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Category: Exhibits

New essay: Exhibiting Absence

New essay: Exhibiting Absence

I’ve posted to Medium a new essay, on the challenges (and possibilities!) of exhibiting things museums don’t actually have. Sometimes, an exhibition developer wants to call attention to the absence of an object from the collection. (Fred Wilson famously did this in “Mining the Museum,” and museums have called attention to NAGPRA-returned objects, or to stolen objects.) Sometimes, you want to recreate, or even create, objects that have been lost, or those that never existed. Take a look. 

“Collecting and Collections” course & stamp exhibit

“Collecting and Collections” course & stamp exhibit

Head over to the John Nicholas Brown Center for Public Humanities blog for a post Sarah Dylla and I wrote about our course last semester, AMST1510, Museum Collecting and Collections. And head over to the John Hay Library where you can see the course exhibition, Thousands of Little Colored Windows: Brown University’s Stamp Collections. A few pictures of the exhibit…  

Design Objects in Museums

Design Objects in Museums

[my talk to the Questioning Aesthetics Symposium, RISD, March 2015] The call for papers placed this conference in the context of RISD’s recent interest and success in “transcending traditional disciplinary boundaries to encourage more holistic, multi-faceted approaches to art and design practice.” In my talk I’d like to focus on disciplinary boundaries in how museums use artifacts, and offer some suggestions on how we might transcend some of those traditional boundaries for a more holistic, multi-faceted museum. The disciplines whose boundaries I’d…

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Considering the 9/11 Memorial Museum: One visit, three ways

Considering the 9/11 Memorial Museum: One visit, three ways

(some advice I gave my students before our visit last week, updated after the visit) When you visit the museum—when you visit any museum—try to examine it in three different ways, to look at it through three different lenses. First, consider it as a member of the general public. Next, look at it with a critical eye, trained by your reading, museum experience, and theoretical concerns. And finally, think about it as an employee of the institution might: what works,…

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A class about collections

A class about collections

We’re halfway through the semester, and my collections class is deep into the stamp exhibition project. I’m teaching a course titled “Museum Collecting and Collections.” There are three projects: the Brown University’s Library extensive stamp collections the paintings that came to Brown with the Annmary Brown Memorial, and scientific instruments scattered across Brown departments. In each case, we’re trying to understand the history of the collection, think about their potential use, do some cataloging, and propose a collections management and development plan. Today…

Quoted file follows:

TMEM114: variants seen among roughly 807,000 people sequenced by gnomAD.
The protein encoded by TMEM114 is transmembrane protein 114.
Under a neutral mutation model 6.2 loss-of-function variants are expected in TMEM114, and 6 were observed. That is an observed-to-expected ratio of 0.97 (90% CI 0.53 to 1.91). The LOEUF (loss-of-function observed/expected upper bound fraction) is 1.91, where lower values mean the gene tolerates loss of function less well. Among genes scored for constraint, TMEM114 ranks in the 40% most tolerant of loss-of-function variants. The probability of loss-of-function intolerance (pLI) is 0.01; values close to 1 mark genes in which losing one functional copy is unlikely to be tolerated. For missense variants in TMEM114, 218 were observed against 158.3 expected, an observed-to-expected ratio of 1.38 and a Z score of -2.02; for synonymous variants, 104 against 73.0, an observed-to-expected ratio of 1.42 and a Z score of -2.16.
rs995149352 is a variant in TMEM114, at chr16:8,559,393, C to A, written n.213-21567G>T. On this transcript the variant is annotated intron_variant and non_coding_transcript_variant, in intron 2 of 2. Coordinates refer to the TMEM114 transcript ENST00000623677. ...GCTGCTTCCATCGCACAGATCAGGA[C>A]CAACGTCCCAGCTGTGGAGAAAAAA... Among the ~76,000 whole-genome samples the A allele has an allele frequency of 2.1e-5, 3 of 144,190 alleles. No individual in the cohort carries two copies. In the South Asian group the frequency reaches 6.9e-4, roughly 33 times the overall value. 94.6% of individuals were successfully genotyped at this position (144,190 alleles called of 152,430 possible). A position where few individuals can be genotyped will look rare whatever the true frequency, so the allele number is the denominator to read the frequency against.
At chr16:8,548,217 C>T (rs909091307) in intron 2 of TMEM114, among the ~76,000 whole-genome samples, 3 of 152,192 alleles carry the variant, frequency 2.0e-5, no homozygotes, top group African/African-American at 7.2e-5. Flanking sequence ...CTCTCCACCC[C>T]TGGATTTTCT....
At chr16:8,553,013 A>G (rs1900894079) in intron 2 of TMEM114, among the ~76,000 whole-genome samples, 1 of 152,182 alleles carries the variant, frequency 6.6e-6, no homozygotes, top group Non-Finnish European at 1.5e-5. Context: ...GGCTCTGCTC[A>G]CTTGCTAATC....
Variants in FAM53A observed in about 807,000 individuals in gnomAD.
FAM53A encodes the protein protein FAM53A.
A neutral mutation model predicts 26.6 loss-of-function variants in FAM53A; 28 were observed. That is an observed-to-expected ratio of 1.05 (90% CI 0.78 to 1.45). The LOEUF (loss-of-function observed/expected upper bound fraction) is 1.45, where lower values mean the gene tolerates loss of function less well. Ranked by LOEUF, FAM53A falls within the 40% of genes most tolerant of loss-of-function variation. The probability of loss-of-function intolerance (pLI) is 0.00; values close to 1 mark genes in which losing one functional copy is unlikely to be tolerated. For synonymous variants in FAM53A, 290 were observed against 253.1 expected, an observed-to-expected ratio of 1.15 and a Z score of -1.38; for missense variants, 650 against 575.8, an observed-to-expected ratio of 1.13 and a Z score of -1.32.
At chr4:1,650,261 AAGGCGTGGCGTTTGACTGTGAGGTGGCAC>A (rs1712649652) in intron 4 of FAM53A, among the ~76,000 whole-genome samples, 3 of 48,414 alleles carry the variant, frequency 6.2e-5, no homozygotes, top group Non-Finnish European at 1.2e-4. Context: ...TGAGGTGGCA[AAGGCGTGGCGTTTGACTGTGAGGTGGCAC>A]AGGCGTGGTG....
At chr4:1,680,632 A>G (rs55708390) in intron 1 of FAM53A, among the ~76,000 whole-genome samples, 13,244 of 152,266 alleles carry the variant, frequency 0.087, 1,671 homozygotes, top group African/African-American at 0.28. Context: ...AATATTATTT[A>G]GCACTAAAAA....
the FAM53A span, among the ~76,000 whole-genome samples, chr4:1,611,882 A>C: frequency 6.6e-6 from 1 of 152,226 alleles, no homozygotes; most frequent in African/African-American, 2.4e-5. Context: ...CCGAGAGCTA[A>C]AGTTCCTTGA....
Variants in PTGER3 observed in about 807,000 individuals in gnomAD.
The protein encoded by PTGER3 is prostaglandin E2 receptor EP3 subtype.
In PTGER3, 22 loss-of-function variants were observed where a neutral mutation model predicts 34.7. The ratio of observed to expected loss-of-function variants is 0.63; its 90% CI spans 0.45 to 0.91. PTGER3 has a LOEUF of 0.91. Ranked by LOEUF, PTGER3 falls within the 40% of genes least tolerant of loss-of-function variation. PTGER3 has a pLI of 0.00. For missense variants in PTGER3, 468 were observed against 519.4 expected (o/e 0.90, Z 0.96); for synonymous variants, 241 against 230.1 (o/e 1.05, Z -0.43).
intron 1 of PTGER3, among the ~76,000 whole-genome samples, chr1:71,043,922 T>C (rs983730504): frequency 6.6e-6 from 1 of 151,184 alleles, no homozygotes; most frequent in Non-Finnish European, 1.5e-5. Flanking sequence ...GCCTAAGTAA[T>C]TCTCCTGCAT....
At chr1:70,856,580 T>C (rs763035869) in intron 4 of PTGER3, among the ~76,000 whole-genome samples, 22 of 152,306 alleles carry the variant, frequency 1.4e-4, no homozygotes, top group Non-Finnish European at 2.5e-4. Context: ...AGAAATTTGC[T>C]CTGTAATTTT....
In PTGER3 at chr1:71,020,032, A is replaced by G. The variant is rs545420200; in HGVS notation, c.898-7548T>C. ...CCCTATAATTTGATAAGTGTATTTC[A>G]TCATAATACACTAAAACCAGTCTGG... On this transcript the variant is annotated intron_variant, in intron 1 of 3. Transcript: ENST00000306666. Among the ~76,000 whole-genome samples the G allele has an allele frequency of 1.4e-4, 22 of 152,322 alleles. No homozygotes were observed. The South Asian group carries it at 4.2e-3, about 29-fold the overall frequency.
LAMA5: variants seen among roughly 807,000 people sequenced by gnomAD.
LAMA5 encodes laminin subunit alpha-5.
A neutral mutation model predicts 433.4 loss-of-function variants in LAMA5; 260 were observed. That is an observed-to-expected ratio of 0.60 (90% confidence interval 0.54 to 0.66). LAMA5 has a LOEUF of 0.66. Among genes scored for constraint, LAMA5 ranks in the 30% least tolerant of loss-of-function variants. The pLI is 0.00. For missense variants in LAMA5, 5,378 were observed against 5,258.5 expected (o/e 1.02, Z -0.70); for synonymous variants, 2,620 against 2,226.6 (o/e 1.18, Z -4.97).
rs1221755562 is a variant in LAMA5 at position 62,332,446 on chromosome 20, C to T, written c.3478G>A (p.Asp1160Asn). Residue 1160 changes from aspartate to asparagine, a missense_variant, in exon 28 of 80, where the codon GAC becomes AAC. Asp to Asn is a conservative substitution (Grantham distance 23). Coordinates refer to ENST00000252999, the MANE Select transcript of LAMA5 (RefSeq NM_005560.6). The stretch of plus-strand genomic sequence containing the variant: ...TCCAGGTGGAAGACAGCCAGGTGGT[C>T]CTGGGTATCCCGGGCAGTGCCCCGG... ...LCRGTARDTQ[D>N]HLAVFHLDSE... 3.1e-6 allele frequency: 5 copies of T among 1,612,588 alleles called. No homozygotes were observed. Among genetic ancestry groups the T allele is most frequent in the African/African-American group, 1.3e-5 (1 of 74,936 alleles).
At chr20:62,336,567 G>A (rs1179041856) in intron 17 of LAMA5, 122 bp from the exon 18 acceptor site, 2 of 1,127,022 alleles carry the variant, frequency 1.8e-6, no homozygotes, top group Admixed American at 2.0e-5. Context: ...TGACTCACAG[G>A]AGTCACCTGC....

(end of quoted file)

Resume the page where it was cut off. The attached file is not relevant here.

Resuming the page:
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“The Curator Rules”

“The Curator Rules”

These are the slides and my notes from my talk at Marymount University, the Bissel Lecture in the Humanities, presented April 10 as part of the Virginia Humanities Conference. My thanks to Tonya Howe for the invitation, to Marymount for their hospitality, and to the audience for its good questions. NOTE: The next entry in this blog is a corrected and expanded version of this talk.

Exhibit and exhibit labels workshop

Exhibit and exhibit labels workshop

I talked to the “Methods in Public Humanities” class today about exhibitions. A very quick overview, and didn’t even get to the how-to-write-good-labels part of the talk. Here are my presentations, on exhibits generally, and on exhibit labels, slightly cleaned up but without much in the way of notes.  

History of museum exhibitions; a Pinterest experiment

History of museum exhibitions; a Pinterest experiment

When I taught a course on the history of museums, I found it useful to have a ready source of historical images of exhibitions from the past 500 years of so. As an experiment, I added Pinterest to my workflow. It’s extremely easy to add an image to a Pinterest board; click a button, correct the caption, and you’re set. And Pinterest makes suggestions, too: other boards with similar images, which makes it easy to explore and find images others…

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The Curator Rules

The Curator Rules

Museum curators have certain ways of doing things, certain rules they follow. It’s important to know what these rules are – and also to realize that they can be broken. These are notes from my talk to Catherine Whalen and Sarah Carter’s “Curatorial Practice as Experiment” course at Bard Graduate School. Catherine asked that I talk about creative curation, to inspire students in the class working on an exhibition project. The assignment got me thinking: what’s creativity? Some part of…

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Collecting the History of Technology at the National Museum of American History

Collecting the History of Technology at the National Museum of American History

Collecting for history museums is challenging work, and there needs to be more research and writing on both its history and how to do it. We need to understand how and why collections came to museums; what decisions that shaped collections they hold today? And we need to talk more about how to collect, how to train museum curators to collect, and how to evaluate collecting and collections. We need to share best practices. Those were among the conclusions of a session on…

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